What about other museums on the island?
Other museums are interesting but only one bonafide ‘national’ style museum can exist in Kythera. To display authentic artefacts from over the last 7000+ years.
Of course other spaces might open and act more like galleries and showcase copies, material from a specific part of the island or site but there will only be one main museum to display authentic, bona fide, historically priceless objects made and used on the island over the last 7000+ years.
What if it’s too complicated to reopen the existing building?
Funding from the European Union could provide a major breakthrough in reopening a Kytherian Museum. Perhaps the Dimos (local council) can help find another building if the existing location will take too long to comply for submission under the current European Union program. There is a Dimos European Union program with a deadline of end October, 2011 for submissions. This may provide the best chance for a solution.
Are there other ideas that might help?
Yes. Another suggestion is to lobby the state government of NSW in Australia, to stage a one-off “Crossroads of the Mediterranean” exhibition in Sydney, where a collection of key artefacts are provided to the NSW state government on loan.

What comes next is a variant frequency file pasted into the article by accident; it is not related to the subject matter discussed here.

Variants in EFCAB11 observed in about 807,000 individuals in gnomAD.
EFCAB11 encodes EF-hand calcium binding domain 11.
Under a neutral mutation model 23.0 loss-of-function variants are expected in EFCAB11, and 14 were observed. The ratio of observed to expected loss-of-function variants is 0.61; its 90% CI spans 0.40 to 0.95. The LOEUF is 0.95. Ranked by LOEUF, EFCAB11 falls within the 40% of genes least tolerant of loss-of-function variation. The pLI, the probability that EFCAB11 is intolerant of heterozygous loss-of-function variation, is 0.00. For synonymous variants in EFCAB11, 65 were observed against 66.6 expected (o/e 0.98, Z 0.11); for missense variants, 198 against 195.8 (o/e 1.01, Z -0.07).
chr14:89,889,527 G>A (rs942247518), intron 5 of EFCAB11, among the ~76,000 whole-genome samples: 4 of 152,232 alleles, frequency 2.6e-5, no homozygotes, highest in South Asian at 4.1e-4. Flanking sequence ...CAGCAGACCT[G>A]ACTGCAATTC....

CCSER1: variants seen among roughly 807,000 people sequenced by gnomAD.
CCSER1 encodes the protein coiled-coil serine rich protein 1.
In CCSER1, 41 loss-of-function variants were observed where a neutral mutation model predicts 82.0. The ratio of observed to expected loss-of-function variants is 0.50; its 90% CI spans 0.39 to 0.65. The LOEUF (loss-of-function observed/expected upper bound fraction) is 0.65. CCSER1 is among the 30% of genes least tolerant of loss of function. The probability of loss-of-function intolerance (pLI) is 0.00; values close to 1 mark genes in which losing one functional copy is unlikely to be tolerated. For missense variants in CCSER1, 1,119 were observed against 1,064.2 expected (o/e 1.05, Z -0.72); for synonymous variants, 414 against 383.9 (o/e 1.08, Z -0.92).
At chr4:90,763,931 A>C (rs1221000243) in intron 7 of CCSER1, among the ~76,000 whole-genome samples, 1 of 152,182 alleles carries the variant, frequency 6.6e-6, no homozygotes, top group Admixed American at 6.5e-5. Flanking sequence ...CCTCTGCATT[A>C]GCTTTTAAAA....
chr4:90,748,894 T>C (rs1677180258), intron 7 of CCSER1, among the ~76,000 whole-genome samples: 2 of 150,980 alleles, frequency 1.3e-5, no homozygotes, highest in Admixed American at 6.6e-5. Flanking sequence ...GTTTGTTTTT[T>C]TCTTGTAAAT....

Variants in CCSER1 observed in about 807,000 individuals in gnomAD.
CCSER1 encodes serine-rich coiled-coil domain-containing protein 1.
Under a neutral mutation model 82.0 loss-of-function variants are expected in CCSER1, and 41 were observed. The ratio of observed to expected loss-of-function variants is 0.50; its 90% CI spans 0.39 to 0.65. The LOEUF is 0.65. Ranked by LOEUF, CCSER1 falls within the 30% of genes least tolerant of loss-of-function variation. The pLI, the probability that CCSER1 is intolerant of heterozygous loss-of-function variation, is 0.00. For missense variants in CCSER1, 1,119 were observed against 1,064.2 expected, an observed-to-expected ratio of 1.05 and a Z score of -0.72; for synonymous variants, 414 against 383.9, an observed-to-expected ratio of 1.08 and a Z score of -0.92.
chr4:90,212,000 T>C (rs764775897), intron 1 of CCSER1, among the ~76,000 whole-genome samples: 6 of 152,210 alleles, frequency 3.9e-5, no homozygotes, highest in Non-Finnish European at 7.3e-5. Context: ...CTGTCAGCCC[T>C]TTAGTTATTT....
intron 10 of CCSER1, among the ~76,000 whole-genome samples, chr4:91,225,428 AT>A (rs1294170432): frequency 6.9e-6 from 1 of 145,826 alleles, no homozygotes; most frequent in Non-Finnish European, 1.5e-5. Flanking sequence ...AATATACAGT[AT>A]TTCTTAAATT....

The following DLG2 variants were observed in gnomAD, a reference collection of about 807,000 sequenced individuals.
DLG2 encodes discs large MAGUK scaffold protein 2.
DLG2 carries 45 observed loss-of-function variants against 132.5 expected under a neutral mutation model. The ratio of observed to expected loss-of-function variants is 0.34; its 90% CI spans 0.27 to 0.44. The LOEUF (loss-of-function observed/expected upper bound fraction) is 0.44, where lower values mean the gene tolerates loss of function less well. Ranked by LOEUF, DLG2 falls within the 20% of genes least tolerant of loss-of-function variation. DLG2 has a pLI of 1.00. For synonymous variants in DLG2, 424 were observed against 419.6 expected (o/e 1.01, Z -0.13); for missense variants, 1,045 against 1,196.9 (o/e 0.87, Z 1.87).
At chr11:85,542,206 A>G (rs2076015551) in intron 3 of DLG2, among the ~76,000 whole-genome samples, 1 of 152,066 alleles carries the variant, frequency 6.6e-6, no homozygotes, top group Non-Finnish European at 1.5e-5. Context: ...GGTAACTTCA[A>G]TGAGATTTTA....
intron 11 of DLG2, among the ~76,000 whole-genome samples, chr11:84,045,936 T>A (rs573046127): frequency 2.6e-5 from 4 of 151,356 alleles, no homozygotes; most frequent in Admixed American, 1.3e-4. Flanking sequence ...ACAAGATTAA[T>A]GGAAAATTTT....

If approved, this could happen at no cost to the Greek government.
Even better, funds raised from such an exhibition can be donated back to Kythera, and provide a major financial contribution towards a solution in reopening a public museum.
Australia has a Greek-Australian diaspora of over 700,000 people. 65,000 people of Kytherian descent also reside in Australia, meaning that such an initiative would be a great cultural activity for Hellenes abroad to participate in.
Why call it the Kytherian Museum and not specifically an Archaeological Museum?
Because it needs to be the main focal point, exhibiting life and objects left from those who have lived on the island for the last 7000+ years. Archaeology is a tool that helps piece together history. A scientific way of collecting and interpreting evidence that tells a story.
Archaeology is great in documenting history prior to the written record, say prior to 1000 years ago, but items that didn’t need to be found archaeologically are still relevant. Signs of life from over the last 200 years for example. Hence, a continuum is required, to present a snapshot of Kythera’s entire history (not just archaeology), in one location.
Historical continuity from Prehistoric to Classical, Byzantine/Venetian and modern times?
A vision is to reopen a museum that covers the last 7000+ years as a continuum. Not just be period or Ephorate specific, but include genuine objects from all Ministry of Culture Ephorate’s – to cover all periods and civilizations living on the island, up till the last decade.